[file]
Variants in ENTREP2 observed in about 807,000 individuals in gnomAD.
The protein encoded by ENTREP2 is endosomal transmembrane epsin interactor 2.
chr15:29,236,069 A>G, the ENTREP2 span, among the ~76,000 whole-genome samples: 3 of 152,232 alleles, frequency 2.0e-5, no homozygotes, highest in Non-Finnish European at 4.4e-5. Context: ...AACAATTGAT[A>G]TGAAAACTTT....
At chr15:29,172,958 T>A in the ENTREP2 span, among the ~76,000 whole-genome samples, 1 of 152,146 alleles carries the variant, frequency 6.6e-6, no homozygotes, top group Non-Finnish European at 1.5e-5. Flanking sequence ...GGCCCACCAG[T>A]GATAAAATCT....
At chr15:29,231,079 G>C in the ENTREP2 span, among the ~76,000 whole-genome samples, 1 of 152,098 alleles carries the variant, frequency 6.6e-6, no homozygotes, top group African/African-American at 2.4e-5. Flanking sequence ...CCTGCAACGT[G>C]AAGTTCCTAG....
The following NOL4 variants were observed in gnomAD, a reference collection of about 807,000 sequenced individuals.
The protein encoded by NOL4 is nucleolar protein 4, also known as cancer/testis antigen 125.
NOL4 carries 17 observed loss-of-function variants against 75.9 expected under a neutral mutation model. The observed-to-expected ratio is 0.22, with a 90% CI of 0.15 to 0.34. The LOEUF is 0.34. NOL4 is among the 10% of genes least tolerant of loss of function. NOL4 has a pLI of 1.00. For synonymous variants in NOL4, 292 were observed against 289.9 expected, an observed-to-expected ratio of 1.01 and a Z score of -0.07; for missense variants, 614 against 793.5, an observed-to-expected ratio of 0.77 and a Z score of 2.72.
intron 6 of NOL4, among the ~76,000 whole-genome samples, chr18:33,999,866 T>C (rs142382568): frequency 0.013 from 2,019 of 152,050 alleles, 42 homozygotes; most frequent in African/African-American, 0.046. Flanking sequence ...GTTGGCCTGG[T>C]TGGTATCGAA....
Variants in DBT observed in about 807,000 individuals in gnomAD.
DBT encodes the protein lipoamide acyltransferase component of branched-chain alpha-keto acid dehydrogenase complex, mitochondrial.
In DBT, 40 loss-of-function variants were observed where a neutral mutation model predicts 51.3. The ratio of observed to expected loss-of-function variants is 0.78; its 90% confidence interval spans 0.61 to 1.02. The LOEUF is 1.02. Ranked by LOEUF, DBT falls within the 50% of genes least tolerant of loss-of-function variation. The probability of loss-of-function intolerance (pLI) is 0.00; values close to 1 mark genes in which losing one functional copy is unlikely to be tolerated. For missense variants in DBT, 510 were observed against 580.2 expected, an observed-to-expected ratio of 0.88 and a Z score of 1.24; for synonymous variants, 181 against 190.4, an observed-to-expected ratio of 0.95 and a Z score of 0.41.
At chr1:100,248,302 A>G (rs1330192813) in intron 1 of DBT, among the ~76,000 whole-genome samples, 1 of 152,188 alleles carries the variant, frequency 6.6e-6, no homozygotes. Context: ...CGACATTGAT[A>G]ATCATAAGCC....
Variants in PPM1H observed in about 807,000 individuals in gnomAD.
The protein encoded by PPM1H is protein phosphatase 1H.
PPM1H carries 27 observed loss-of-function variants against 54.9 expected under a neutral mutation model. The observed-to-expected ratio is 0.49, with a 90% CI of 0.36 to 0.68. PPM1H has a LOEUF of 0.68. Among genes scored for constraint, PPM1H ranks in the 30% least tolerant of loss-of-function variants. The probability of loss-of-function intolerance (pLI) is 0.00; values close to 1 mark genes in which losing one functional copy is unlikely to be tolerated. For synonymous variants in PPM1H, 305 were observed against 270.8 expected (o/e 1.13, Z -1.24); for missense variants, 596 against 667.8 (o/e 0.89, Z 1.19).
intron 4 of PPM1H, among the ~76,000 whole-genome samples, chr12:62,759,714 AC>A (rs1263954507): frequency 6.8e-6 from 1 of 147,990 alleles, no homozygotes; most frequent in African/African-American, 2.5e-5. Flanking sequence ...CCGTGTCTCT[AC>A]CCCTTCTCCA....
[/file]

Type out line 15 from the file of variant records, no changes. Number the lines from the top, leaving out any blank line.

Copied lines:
The protein encoded by PPM1H is protein phosphatase 1H.